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Stoneware & Ceramic & Porcelain! oh my!

hello,

i'm looking to buy some good bakeware intended to be kept long-term. i'm completely & thoroughly confused between products made of stoneware, ceramic, and porcelain (are they all actually the same raw material?)

if you can please extoll the virtues of any of these, and even make recommendations...i would be very grateful!

thank you

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  1. All three fall under the same umbrellas of "ceramics" or "pottery" but they are not the same. Ceramics also includes things that are not pottery.

    Porcelain clays are fired at very high temperatures and can fully vitrify. Stoneware clay can be vitrified enough to hold water; the clay matures at lower temperatures than porcelain. At the bottom end of firing temperatures, earthenware has to be glazed to be water tight. All of them are useful depending on what you want to do.

    Most of the porcelain I have in my kitchen is ramekins, but when I have a clay workspace again, I'm going to make some stoneware loaf pans and casseroles.

    1. I have porcelain pieces by Pillivuyt and Apilco, some of which are 30 and 40 years old, and look like they just came out of the box from the store despite constant use for everything from nice dinner parties to brownies for the kids.
      I can't say that for any pieces that I have had made of the stoneware, ceramic, or other materials. They have scratched and dulled with use, regardless of the care given to them. Even the Le Creuset or Emile Henry stonewear don't keep the sheen and lovely finish that porcelain does.
      I've bought old Apilco and Pillivuyt in antique shops and on eBay and they still looked beautiful. There's a reason why these companies have been in business for 100 or 200 years.
      There are now some less expensive porcelains at Sur La Table, etc, that are excellent, as well as some good quality ones made in China. Don't blow off the "made in China" on porcelain. After all, some of their export porcelain is still going strong after centuries and some people set their tables with it if they dare to use such expensive items for ordinary things.

      16 Replies
      1. re: MakingSense

        thanks for the replies, BeaN and MakingSense.

        are the baking dynamics the same for stoneware, ceramic, and porcelain? i.e. they all produce the same results?

        1. re: amrita

          No, the porcelain is thinner and lighter, so it does not retain heat as long, a plus if you are baking things like cakes, clafouti, custard-based things, etc. After you take them out of the oven, they will cook a bit more from the retained heat in the food, but you don't want them to keep cooking (or drying out) from the heat of the pan they were cooked in. You want something that cools off quickly. Glass/pyrex does the same thing.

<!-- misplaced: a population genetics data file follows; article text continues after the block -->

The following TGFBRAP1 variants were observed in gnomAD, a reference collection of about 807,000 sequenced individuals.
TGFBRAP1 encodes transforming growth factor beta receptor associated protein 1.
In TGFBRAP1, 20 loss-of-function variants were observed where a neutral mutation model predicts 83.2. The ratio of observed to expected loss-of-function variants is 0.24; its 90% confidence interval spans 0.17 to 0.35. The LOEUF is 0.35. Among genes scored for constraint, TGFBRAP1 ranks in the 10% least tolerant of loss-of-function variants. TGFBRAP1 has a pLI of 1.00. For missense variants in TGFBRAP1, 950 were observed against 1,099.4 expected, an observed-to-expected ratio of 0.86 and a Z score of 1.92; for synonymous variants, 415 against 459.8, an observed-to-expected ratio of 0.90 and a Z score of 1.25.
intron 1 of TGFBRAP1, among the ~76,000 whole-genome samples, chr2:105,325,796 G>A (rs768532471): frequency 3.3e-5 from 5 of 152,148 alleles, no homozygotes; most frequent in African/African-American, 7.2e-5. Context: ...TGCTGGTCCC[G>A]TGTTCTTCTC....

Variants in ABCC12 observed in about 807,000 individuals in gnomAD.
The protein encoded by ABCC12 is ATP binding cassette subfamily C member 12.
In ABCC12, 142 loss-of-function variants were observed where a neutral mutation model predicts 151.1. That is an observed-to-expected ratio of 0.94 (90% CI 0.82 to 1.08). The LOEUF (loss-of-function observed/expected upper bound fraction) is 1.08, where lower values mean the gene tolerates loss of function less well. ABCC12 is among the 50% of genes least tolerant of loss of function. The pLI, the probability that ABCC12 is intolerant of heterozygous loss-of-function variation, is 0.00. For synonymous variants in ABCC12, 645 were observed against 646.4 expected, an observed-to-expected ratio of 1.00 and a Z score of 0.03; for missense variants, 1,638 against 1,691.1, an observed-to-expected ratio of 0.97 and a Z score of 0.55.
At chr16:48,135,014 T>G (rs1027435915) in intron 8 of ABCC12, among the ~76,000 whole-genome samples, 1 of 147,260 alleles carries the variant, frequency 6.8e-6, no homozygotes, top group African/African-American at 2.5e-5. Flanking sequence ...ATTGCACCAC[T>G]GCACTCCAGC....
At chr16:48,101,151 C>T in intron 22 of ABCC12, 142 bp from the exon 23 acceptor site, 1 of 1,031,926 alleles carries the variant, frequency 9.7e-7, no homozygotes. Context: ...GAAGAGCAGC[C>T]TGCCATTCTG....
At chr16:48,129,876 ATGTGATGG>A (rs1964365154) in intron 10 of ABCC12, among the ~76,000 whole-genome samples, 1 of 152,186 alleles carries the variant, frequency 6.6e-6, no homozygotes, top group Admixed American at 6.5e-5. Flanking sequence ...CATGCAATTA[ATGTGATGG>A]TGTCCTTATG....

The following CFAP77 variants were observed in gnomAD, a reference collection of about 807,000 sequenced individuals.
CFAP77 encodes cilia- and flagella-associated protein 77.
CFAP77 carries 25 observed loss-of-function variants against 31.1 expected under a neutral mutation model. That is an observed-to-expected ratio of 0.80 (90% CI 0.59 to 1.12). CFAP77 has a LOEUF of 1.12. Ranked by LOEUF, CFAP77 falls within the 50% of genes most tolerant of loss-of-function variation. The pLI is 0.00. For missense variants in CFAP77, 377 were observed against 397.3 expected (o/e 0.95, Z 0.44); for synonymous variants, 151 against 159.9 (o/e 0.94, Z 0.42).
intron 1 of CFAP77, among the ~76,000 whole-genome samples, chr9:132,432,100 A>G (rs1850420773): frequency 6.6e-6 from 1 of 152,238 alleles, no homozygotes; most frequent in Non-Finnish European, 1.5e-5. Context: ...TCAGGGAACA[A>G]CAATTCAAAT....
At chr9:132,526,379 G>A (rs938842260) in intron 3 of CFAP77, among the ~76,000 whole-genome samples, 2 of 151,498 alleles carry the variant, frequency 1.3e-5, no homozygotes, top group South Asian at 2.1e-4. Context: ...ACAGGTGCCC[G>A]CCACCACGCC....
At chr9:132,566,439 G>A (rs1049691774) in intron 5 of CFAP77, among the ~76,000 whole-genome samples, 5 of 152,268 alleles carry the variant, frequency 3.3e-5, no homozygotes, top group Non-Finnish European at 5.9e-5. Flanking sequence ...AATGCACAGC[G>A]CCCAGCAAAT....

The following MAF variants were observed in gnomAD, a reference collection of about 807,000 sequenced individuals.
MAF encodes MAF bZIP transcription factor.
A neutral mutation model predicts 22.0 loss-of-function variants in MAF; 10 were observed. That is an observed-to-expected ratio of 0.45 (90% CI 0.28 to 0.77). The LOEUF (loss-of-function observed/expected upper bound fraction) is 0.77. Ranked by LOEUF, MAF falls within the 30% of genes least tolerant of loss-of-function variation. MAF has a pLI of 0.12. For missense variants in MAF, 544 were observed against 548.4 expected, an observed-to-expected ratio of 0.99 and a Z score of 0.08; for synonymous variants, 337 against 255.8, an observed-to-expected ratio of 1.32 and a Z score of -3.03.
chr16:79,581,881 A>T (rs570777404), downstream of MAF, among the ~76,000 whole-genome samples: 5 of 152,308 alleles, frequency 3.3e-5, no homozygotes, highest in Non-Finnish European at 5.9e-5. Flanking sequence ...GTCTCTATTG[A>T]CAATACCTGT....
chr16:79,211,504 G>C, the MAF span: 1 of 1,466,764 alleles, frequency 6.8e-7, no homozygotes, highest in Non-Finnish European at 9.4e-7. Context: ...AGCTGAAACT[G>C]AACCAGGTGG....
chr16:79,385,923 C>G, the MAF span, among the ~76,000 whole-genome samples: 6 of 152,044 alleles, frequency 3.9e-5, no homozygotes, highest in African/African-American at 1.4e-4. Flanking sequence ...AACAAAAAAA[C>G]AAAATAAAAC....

For casseroles, this isn't such a problem because they are less subject to drying out and overcooking. This and roasting, etc., are the only things that I use my few pieces of stoneware and ceramic for.

          1. re: MakingSense

            I have a lovely porcelain dish that it perfect for when I make lasagna. It's about 13inch X 10inch with side of about 3 inches deep. Would this dish make a decent pan to roast vegetables in?

            1. re: snax

              I prefer a dish or baking sheet with low sides for roasting vegetables.
              Part of roasting them is to evaporate a bit of their moisture to concentrate their flavor and caramelize the sugars in them.
              The high sides on your pan may hold in some of the moisture and could even create enough steam around the vegetables to make them mushy.

            2. re: MakingSense

              Hi, MakingSense

              I find your input very helprul. How do you think to use porcelain/stoneware for roasting?

              I read somewhere that IF either/or both porcelain/stoneware bakeware are used for roasting meat very OFTEN, they are going to crack as there is very little liquid staying in. It might depends on how high the temparature is, but I am just curious.

              I have some not so higher end porcelain/stoneware made in Portugal, but I really love them becuase they look so rustic and fit perfectly for my dishes for entertaining. I do not want to destroy them by using roasting. That is why I am not looking at a 9 x 13 tri-ply stainless of Al-clad bakeware for the small batch of meat roasting purpose.